I have to be careful about making comparisons between the Kodo and the 1SQ. They are indeed similar in several ways. The Kodo, however, is less than half the price of its closest 1SQ cousin, the 1SQ V-cam. Those very different price points ($59.00 and $129.99 respectively) are bound to result in different machines. But let's start by looking at what you get with the Kodo.

    How to Make a Two-Part Mold (of a Lightsaber!)

    Frank Ippolito joins us at Adam's shop for another step-by-step tutorial in prop making. This time, we learn how to make a two-part silicone mold that we can use to cast resin copies of complex objects. We demonstrate the technique by duplicating a lightsaber prop made by Adam! It's not that difficult! (This video was brought to you by Premium memberships on Tested. Learn more about how you can support us by joining the Tested Premium community!)

    Pixar Explains the Math Behind Smooth Character Rendering

    Ready to give your brain a little workout? See if you can follow along in this Numberphile video as Tony DeRose of Pixar Research explains some of the mathematics behind the rendering and animation of characters in modern CG films. It went over my head at around the five-minute mark, but the gist is that the use of certain math principles and algorithms let rendering programs subdivide vertices in geometry for smooth curves and surfaces. Computer scientists know this as the Catmull-Clark algorithm.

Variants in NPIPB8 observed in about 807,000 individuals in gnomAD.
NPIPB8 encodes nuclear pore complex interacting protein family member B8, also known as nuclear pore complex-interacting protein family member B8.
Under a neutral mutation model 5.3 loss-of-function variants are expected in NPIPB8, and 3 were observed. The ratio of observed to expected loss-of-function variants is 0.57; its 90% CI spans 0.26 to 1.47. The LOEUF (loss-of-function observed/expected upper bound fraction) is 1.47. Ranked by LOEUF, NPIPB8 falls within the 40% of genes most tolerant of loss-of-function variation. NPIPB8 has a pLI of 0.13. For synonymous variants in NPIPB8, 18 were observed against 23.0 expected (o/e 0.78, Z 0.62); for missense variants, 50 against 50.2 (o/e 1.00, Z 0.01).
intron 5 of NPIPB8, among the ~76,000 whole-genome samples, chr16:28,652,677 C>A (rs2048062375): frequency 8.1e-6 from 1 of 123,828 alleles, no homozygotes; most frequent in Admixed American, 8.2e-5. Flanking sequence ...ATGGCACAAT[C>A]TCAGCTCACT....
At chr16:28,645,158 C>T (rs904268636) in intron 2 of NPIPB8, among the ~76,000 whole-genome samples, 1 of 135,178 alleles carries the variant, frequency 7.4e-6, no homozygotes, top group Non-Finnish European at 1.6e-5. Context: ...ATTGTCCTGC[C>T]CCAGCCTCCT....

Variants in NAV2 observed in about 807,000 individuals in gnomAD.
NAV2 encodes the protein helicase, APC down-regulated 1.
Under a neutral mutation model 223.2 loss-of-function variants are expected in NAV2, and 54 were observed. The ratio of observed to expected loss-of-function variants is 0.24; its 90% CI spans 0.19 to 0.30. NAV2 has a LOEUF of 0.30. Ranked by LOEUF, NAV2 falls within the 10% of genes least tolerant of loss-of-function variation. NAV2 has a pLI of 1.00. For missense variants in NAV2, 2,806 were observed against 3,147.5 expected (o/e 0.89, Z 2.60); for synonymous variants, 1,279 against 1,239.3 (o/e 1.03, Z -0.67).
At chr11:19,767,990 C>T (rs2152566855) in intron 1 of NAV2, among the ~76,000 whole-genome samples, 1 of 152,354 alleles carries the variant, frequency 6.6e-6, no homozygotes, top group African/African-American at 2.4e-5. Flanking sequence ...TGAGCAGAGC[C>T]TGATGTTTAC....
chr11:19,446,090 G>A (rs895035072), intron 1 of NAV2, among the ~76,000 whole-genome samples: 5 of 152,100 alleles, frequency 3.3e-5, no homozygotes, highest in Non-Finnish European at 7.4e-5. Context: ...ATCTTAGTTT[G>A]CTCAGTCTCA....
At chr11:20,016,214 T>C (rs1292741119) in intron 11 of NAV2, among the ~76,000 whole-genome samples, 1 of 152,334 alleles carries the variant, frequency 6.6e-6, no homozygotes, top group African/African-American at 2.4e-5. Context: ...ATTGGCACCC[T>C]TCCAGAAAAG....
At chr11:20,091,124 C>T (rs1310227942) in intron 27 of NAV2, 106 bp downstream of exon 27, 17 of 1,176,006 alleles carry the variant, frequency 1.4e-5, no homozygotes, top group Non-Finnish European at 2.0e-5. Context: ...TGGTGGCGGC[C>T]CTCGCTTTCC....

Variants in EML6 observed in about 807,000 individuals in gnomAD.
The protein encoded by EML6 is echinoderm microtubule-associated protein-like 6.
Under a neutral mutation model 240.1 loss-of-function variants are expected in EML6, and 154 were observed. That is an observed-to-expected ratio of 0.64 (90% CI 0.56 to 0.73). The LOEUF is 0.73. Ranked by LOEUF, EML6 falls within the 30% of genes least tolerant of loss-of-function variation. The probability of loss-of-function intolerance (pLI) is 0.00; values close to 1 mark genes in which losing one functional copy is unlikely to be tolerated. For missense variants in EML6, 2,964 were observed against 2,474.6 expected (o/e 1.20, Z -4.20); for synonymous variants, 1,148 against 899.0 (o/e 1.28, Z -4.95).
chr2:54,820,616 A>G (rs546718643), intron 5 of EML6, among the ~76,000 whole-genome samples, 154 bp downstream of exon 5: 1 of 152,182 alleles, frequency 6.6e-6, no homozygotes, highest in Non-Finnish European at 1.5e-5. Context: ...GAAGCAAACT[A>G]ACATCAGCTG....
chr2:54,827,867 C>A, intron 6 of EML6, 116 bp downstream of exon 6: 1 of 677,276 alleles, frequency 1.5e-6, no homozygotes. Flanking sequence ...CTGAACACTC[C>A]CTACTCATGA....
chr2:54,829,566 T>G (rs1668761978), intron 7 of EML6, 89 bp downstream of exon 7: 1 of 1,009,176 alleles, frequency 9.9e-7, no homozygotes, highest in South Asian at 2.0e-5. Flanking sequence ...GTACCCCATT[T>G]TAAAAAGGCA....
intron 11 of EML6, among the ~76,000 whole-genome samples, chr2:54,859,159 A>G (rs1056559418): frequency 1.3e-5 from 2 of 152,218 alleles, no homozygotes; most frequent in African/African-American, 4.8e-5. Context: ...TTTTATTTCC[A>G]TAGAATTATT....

In Brief: Photo Gallery of Ray Harryhausen at Work

    io9 has a lovely gallery of photos showing stop-motion effects pioneer and legend Ray Harryhausen at work on some of the films he's best known for: Mighty Joe Young, 7th Voyage of Sinbad, Jason and the Argonauts, and Clash of the Titans. Harryhausen, who passed away last year, inspired a generation of effects artist and animators, including still-active legends like Phil Tippet. The gallery is accompanied by a few video clips of the finished animation sequences, some behind-the-scenes interviews, and a great time-lapse GIF of a veteran Harryhausen revisiting an iconic skeleton puppet from Jason and the Argonauts for a stop-motion demo.

    Norman
    Show and Tell: 3D Printed Steampunk Octopod

    One final video from Norm's recent trip to New York! Sean Charlesworth, our 3D printing expert, shares his famous steampunk octopod project, which we've talked about before had never seen in person. It's a wonderfully designed and intricate model entirely conceived of and built by Sean--a project much more complex than your typical 3D printed piece.

    NYU's Interactive Wooden Mirror Project